LabVIEW Robotics Programming Guide for the NI RoCK

6-10

ni.com

Chapter 6

Tutorial: Creating a Dashboard Project

3.

Enter NI RoCK Dashboard Project Multiple Data Example in the Project name text box of the Create New NI RoCK Dashboard Project dialog box. Click the Finish button in the Create New NI RoCK Dashboard Project dialog box to create a new NI RoCK dashboard project. Double-click the Dashboard Main.vi item in the Project Explorer window to open the Dashboard Main VI. Place a Gauge indicator on the front panel below the User Data section of the front panel. Right-click the Gauge indicator and select Properties from the shortcut menu to display the Knob Properties dialog box. On the Appearance page, enter Gyroscope Angle in the Label Text text box to change the name of the indicator. On the Scale page, enter 360 as the Maximum value in the Scale Range section. The Gyroscope Angle indicator now displays the heading of the gyroscope within a range of 360 degrees.

4. 5. 6. 7. 8. 9.

10. Click the OK button to apply the new value. 11. Hover over the 360 marker on the Gyroscope Angle indicator and use the Operating tool to drag the marker to the 0 value. When you drag a marker, the cursor changes to a circular arrow to indicate the tool is over a marker. 12. Right-click the Gyroscope Angle indicator and select Visible ItemsDigital Display from the shortcut menu to add a digital display to the Gauge indicator. 13. Place a String indicator above the Gyroscope Angle indicator. 14. Select WindowShow Block Diagram or press the <Ctrl-E> keys to display the block diagram.
Note

You might need to expand the second While Loop and clear some space to the right of the Battery level indicator on the block diagram of the Dashboard Main VI before completing the following steps. 15. Place the Gyroscope Angle and String indicators in the second While Loop of the block diagram to the right of the Battery level indicator. 16. Place an Unbundle function between the Battery level indicator and the Gyroscope Angle and String indicators. 17. Wire the Strings output of the Receive DS Packet VI to the cluster input of the Unbundle function.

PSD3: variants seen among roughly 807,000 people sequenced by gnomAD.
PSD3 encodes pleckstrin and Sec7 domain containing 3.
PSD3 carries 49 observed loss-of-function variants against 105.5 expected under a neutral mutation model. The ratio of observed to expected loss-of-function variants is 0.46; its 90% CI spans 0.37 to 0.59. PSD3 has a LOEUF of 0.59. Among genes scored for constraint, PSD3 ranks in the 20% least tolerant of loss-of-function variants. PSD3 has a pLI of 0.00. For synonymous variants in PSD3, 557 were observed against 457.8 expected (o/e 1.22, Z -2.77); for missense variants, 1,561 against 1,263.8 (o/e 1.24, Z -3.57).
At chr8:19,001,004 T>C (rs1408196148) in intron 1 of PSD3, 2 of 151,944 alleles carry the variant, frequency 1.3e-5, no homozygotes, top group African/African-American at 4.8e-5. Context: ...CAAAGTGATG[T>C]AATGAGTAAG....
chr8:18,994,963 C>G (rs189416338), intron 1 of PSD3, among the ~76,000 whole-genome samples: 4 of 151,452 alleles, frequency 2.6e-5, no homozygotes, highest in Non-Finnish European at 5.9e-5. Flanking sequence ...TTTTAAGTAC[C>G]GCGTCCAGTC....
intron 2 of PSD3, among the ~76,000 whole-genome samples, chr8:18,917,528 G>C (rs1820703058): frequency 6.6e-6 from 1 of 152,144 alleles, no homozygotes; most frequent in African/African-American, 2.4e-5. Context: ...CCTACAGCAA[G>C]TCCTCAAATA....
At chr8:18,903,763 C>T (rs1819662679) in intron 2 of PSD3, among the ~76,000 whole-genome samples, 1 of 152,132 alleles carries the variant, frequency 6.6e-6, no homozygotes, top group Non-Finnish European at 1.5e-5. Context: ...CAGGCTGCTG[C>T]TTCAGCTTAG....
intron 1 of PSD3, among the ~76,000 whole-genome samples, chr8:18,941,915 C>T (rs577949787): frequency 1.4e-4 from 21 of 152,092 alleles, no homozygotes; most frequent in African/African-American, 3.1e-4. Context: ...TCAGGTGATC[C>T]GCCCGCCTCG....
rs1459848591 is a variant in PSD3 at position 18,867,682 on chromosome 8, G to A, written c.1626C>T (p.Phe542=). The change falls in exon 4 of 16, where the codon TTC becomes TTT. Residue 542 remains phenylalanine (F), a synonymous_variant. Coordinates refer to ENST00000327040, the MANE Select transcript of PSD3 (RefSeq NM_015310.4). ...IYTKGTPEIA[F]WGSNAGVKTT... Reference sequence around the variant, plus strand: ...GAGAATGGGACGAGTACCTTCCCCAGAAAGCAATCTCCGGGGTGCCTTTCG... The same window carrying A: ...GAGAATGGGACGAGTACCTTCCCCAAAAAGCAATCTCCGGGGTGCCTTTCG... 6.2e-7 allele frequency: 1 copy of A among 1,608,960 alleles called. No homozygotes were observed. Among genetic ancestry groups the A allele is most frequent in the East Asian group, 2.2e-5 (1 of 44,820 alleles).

National Instruments Corporation

6-11

LabVIEW Robotics Programming Guide for the NI RoCK

Chapter 6

Tutorial: Creating a Dashboard Project

18. Select Select a VI on the Functions palette. Navigate to the myTypeDef control you created and click the OK button. 19. Place the myTypeDef above the Unbundle function. 20. Place an Unflatten From String function between the Unbundle function and the Gyroscope Angle and String indicators. 21. Wire the myTypeDef constant to the type input of the Unflatten From String function. 22. Wire the User Data output of the Unbundle function to the binary string input of the Unflatten From String function. 23. Place an Unbundle By Name function between the Unflatten From String function and the Gyroscope Angle and String indicators. Resize the Unbundle By Name function to display two elements. 24. Wire the value output of the Unflatten From String function to the input cluster input of the Unbundle By Name function. 25. Click the second Numeric element of the Unbundle By Name function and select String from the shortcut menu. 26. Wire the Numeric element of the Unbundle By Name function to the Gyroscope Angle indicator. 27. Wire the String element of the Unbundle By Name function to the String indicator. The affected portion of the block diagram should appear similar to the following figure.